Is the “Component Parts” Doctrine Extinct?

On July 9, 2014, the California Supreme Court granted writs in Ramos v. Brenntag Specialties, Inc.,gears 169 Cal. Rptr. 3d 513 (Cal. Ct. App. 2014), to determine if, as matter of law, the “component parts” doctrine is alive and well, or its time has passed. Under the “component parts” doctrine (and the related “bulk supplier” and “sophisticated buyer” defenses), manufacturers of a component part incorporated into an end product or suppliers of bulk, raw materials have limited exposure to liability. Because many times “what happens in California does not stay in California,” component manufacturers and suppliers of raw materials should closely follow the Ramos decision.

The plaintiff in Ramos worked as a machine operator in a metal product foundry. He worked with and around silica sand, limestone, marble, plaster, and zircon sand, all of which were melted and used in the manufacturing process where plaintiff worked. Plaintiff’s air-borne exposure to fumes from these raw materials labeled as “products” allegedly caused Plaintiff to sustain interstitial pulmonary fibrosis in his lungs.

The trial court granted a motion to dismiss the plaintiff’s complaint at the pleadings stage on the grounds that the facts alleged in his complaint were barred, as a matter of law, under California’s “bulk supplier,” “sophisticated buyer,” and “component parts” doctrines (collectively referred to as the “component parts” doctrine). The California Fourth Circuit reversed the trial court, see Ramos v. Brenntag Specialties, Inc., 169 Cal. Rptr. 3d 513 (Cal. Ct. App. 2014), holding that the plaintiff had stated product liability claims upon which relief could be granted.The Ramos circuit court distinguished and limited the application of the “component parts”, the “sophisticated buyer,” and the “bulk supplier” doctrines based upon the following reasoning:

  • The “component parts” doctrine only applies to harm caused by a “finished product” or “end product” into which the component manufacturer’s product has been incorporated. In contrast, the plaintiff, Ramos, alleged a direct injury from the intended use of the the component product or bulk material “product” ―not from any finished product. Therefore, the doctrine did not apply.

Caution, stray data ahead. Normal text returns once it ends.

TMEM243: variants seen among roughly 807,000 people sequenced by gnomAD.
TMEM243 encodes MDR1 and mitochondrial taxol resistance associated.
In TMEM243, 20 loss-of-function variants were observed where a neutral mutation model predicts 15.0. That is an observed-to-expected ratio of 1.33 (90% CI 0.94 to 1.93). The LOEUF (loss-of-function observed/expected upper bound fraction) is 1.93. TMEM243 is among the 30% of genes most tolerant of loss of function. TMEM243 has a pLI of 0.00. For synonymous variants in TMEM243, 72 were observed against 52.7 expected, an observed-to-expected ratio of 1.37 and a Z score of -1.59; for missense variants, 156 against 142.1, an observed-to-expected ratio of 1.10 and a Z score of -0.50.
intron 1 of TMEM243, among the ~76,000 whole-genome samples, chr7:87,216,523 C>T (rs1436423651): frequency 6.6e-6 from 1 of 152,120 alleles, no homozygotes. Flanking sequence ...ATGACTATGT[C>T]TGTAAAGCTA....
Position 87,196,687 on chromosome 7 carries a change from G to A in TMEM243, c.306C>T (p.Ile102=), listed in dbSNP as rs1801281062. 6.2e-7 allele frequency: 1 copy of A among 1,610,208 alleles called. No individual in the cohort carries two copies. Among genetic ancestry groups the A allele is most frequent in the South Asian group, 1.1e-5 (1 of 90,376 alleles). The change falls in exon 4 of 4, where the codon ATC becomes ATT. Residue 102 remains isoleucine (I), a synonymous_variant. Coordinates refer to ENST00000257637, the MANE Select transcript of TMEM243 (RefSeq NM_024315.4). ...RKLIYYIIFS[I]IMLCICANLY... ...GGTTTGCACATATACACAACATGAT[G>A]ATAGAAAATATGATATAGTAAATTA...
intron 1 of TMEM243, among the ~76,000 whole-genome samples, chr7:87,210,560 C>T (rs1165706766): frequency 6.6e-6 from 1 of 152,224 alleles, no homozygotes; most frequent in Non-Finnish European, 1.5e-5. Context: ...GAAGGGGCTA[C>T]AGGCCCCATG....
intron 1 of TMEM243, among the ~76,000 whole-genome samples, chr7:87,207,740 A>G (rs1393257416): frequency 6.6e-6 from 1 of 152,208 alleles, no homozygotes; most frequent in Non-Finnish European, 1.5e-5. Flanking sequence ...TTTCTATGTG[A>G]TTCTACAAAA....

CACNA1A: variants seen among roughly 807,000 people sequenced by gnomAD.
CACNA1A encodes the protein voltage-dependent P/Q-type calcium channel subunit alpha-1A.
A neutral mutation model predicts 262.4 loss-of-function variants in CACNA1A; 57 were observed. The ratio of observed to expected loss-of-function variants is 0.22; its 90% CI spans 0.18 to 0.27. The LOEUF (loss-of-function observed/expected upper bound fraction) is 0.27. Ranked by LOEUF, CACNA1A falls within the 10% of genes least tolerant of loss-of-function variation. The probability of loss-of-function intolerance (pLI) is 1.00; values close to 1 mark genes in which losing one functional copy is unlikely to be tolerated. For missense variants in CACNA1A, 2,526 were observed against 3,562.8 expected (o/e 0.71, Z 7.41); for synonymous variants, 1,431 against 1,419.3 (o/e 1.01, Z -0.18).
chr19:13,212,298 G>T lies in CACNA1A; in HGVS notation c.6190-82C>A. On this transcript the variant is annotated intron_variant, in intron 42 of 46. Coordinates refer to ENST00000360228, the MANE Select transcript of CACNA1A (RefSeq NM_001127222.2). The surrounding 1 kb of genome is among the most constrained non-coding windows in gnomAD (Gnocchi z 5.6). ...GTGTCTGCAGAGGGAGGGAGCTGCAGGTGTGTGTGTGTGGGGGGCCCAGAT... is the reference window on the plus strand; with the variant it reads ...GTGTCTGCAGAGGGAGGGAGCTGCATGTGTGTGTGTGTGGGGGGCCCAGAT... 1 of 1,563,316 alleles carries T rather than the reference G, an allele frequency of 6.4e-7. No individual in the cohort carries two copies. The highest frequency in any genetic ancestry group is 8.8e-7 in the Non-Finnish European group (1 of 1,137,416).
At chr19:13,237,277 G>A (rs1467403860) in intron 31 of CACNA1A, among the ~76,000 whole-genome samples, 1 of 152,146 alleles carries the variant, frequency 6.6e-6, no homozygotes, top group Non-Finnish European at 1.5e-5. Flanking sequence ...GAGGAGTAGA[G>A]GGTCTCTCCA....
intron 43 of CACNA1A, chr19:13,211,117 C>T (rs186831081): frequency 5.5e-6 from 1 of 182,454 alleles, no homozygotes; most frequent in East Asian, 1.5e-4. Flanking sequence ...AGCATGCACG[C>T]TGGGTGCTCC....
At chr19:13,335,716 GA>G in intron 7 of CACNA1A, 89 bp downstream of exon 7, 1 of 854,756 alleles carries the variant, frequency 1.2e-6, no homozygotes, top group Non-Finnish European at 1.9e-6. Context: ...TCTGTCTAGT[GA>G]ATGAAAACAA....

• The court ruled that the plaintiff’s employer—a foundry that used raw materials (or “products”) for years—was not a “sophisticated buyer” because the plaintiff had not alleged the facts to satisfy the elements of the “sophisticated buyer” defense;
  • Even if the plaintiff’s employer were a “sophisticated buyer,” the “sophisticated buyer” defense does not shield the supplier of bulk materials from a defective warnings claim unless the supplier can show that it had reason to believe the worker using its “product” knew, or should have known, of the product’s hazards.
  • Finally, the Ramos court held that the “bulk supplier” doctrine did not apply to the claims by plaintiff that he had been injured by exposure to these bulk material “products” because the plaintiff had alleged that these raw materials were “specialized materials sold for use in the metal casting manufacturing process” and had not asserted that the materials were “basic raw materials.”

A decision by the California Supreme Court in Ramos ruling in favor of plaintiff may establish product liability exposures that component manufacturers and bulk suppliers never knew they had.